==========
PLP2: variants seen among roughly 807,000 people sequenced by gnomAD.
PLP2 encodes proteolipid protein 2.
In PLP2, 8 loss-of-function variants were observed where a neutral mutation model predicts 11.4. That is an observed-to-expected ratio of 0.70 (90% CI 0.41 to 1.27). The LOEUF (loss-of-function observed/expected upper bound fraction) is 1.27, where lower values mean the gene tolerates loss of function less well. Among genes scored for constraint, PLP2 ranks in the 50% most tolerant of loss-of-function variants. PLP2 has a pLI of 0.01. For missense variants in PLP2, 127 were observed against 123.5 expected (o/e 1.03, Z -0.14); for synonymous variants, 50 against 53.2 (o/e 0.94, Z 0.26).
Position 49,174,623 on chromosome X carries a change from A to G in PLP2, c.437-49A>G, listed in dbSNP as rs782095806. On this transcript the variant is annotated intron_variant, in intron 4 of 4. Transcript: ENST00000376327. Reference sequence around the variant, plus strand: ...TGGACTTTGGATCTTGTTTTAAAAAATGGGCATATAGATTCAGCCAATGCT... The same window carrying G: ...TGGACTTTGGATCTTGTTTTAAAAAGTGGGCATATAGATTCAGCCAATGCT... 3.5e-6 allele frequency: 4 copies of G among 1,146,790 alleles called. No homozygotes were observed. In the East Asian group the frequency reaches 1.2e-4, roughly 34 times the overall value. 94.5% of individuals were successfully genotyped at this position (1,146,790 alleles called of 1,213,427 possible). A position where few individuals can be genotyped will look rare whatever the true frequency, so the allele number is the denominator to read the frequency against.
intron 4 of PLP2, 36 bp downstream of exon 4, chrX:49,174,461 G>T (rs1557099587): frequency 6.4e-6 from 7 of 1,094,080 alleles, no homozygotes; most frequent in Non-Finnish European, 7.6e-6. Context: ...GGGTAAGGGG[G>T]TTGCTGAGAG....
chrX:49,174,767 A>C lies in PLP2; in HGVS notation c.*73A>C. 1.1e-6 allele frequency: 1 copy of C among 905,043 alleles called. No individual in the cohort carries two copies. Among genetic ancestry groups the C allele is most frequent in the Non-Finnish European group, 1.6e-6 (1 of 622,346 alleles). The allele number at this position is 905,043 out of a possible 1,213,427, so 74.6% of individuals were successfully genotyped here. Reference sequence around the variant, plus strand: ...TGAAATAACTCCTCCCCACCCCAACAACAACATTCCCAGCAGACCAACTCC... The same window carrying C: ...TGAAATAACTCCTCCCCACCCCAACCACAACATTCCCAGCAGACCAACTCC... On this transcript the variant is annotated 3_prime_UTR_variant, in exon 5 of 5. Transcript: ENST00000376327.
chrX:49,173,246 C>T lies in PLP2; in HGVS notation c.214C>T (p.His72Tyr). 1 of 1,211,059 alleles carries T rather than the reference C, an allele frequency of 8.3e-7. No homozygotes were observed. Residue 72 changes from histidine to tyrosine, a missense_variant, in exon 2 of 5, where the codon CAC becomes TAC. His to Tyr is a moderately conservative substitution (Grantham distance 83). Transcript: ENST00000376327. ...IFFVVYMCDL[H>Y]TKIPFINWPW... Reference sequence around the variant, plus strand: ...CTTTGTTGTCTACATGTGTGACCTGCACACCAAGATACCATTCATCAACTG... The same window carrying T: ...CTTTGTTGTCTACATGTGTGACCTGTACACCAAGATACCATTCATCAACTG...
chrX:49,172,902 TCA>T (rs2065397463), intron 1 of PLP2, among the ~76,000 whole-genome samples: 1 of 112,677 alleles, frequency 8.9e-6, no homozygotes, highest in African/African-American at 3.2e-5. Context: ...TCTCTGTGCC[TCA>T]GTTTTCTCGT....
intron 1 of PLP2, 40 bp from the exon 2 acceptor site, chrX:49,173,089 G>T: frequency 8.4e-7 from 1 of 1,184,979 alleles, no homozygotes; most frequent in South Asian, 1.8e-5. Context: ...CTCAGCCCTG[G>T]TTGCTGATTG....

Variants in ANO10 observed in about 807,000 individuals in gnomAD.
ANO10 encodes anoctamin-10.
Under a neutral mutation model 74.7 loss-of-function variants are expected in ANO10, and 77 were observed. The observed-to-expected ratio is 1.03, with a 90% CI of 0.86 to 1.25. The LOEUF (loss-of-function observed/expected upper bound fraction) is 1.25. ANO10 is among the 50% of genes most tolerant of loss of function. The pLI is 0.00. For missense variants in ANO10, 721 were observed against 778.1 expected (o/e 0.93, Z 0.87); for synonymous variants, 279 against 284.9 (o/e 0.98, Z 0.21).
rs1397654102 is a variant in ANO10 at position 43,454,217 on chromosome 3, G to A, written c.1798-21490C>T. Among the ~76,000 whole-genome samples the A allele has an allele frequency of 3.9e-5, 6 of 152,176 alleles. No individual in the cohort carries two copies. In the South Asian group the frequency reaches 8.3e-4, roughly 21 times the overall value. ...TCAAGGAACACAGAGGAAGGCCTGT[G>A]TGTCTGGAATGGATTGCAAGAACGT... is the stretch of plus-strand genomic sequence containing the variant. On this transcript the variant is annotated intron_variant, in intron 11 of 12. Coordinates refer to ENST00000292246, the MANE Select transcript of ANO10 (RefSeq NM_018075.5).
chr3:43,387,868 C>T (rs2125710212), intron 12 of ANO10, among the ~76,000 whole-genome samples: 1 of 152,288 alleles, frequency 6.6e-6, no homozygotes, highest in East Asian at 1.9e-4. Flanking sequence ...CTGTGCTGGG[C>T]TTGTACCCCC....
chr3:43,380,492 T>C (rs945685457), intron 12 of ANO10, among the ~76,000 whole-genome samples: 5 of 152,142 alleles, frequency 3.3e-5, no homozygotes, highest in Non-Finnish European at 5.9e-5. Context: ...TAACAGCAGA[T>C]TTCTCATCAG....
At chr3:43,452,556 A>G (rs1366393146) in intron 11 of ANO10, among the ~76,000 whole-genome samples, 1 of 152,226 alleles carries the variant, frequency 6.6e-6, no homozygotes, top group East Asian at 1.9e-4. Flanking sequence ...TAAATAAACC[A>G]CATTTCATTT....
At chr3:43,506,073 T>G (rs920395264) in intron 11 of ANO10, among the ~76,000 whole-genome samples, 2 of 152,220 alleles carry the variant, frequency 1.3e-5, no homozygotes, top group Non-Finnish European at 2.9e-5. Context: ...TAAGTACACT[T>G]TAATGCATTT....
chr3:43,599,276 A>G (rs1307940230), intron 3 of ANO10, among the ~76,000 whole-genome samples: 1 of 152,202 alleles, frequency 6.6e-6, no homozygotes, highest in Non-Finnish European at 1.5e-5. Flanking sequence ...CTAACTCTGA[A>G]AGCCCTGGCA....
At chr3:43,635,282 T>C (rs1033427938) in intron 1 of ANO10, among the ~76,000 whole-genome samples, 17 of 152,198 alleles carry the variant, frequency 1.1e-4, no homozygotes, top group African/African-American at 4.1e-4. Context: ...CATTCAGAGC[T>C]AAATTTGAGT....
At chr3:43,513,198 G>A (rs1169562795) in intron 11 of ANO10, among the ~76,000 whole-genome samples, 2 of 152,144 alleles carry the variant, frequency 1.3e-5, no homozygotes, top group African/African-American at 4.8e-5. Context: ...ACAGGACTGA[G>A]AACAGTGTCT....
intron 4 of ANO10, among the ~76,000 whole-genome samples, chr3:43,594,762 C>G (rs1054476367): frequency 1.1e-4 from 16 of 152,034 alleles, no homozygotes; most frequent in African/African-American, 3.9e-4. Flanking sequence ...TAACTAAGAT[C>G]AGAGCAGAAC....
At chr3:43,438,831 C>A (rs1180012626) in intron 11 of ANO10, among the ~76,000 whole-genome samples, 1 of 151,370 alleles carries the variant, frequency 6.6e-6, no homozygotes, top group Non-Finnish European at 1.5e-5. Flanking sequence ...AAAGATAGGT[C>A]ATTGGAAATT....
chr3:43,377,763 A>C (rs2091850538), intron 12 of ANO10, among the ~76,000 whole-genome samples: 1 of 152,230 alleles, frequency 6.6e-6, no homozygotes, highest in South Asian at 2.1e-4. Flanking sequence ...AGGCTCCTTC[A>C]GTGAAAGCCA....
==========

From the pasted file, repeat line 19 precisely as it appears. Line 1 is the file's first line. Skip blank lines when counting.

At chr3:43,635,282 T>C (rs1033427938) in intron 1 of ANO10, among the ~76,000 whole-genome samples, 17 of 152,198 alleles carry the variant, frequency 1.1e-4, no homozygotes, top group African/African-American at 4.1e-4. Context: ...CATTCAGAGC[T>C]AAATTTGAGT....